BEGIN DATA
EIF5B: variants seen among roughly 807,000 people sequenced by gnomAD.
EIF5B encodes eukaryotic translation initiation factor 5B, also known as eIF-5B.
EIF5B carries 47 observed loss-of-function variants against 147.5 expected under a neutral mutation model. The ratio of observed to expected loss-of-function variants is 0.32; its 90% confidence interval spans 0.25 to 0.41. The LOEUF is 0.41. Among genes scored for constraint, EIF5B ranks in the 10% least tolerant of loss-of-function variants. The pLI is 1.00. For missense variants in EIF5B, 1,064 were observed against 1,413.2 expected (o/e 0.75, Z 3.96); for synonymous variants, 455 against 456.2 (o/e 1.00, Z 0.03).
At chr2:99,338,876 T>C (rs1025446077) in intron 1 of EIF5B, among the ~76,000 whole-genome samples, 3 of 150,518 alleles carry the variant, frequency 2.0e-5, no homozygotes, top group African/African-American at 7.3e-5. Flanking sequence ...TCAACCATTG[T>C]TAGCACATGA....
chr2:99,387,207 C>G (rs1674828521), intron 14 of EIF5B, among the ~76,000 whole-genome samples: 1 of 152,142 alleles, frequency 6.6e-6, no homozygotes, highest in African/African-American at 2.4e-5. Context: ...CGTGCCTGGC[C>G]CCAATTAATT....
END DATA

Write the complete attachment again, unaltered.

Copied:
EIF5B: variants seen among roughly 807,000 people sequenced by gnomAD.
EIF5B encodes eukaryotic translation initiation factor 5B, also known as eIF-5B.
EIF5B carries 47 observed loss-of-function variants against 147.5 expected under a neutral mutation model. The ratio of observed to expected loss-of-function variants is 0.32; its 90% confidence interval spans 0.25 to 0.41. The LOEUF is 0.41. Among genes scored for constraint, EIF5B ranks in the 10% least tolerant of loss-of-function variants. The pLI is 1.00. For missense variants in EIF5B, 1,064 were observed against 1,413.2 expected (o/e 0.75, Z 3.96); for synonymous variants, 455 against 456.2 (o/e 1.00, Z 0.03).
At chr2:99,338,876 T>C (rs1025446077) in intron 1 of EIF5B, among the ~76,000 whole-genome samples, 3 of 150,518 alleles carry the variant, frequency 2.0e-5, no homozygotes, top group African/African-American at 7.3e-5. Flanking sequence ...TCAACCATTG[T>C]TAGCACATGA....
chr2:99,387,207 C>G (rs1674828521), intron 14 of EIF5B, among the ~76,000 whole-genome samples: 1 of 152,142 alleles, frequency 6.6e-6, no homozygotes, highest in African/African-American at 2.4e-5. Context: ...CGTGCCTGGC[C>G]CCAATTAATT....